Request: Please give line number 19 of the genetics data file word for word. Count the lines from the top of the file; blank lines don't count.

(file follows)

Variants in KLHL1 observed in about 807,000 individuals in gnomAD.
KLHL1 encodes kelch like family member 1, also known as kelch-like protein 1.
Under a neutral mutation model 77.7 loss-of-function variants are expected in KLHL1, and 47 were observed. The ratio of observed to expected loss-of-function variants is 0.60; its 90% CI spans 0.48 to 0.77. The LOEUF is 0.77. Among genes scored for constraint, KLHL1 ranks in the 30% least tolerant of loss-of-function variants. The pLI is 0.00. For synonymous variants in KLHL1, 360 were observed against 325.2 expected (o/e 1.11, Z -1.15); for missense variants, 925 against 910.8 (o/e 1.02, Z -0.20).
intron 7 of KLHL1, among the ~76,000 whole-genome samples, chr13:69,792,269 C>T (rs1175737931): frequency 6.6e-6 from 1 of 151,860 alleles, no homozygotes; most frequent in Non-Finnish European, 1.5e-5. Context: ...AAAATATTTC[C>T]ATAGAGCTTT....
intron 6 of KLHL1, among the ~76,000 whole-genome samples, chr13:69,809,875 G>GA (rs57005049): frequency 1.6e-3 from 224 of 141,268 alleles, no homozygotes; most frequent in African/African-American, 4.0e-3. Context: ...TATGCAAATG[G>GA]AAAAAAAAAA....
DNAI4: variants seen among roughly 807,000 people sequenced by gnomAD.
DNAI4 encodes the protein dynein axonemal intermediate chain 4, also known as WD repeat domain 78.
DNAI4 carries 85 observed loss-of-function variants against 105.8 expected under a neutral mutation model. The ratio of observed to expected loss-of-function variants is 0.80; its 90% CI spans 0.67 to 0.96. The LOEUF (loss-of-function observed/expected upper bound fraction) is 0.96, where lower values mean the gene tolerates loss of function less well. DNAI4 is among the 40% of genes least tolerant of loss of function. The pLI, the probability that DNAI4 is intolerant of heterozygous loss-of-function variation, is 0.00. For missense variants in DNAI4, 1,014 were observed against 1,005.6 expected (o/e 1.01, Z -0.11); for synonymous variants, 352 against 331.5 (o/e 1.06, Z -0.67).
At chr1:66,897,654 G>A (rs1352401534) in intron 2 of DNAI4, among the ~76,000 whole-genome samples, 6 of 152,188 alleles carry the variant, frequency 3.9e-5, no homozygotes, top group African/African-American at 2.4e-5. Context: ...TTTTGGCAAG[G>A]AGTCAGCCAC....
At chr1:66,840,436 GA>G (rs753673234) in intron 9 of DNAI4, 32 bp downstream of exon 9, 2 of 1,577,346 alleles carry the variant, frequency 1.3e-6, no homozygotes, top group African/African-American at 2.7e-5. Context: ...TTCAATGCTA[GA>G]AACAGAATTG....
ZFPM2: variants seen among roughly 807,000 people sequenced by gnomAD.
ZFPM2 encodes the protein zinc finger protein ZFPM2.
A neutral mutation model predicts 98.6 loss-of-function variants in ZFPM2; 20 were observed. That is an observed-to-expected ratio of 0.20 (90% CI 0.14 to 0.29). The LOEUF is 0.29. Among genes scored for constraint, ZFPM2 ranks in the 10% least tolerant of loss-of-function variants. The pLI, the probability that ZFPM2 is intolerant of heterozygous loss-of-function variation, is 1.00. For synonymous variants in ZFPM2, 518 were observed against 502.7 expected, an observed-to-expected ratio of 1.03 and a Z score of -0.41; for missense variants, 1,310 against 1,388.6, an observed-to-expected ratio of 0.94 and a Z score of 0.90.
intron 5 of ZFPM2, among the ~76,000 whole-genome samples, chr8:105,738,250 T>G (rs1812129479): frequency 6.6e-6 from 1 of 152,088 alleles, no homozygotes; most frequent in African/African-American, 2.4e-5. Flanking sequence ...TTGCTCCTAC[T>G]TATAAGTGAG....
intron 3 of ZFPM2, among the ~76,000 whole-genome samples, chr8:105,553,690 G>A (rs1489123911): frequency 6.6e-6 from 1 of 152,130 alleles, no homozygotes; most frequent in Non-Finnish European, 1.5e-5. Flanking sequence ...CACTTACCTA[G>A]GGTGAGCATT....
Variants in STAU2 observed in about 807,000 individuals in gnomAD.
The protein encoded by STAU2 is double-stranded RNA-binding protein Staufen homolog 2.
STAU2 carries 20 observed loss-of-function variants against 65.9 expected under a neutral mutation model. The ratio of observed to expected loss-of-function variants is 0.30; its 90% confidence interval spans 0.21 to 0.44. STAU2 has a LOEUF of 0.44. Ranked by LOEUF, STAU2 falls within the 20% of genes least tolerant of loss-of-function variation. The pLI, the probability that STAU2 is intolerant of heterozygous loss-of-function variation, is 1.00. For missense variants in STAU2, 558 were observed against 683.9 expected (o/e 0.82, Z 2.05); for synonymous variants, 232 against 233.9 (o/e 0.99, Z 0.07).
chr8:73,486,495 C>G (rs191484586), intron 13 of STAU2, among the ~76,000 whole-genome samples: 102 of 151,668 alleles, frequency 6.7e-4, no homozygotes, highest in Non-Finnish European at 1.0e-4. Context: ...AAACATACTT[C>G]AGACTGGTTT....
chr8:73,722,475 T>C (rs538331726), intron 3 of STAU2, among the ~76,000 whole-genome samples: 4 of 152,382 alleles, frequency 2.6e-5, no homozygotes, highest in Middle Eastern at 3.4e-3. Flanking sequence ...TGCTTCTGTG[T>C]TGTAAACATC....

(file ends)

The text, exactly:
chr8:73,486,495 C>G (rs191484586), intron 13 of STAU2, among the ~76,000 whole-genome samples: 102 of 151,668 alleles, frequency 6.7e-4, no homozygotes, highest in Non-Finnish European at 1.0e-4. Context: ...AAACATACTT[C>G]AGACTGGTTT....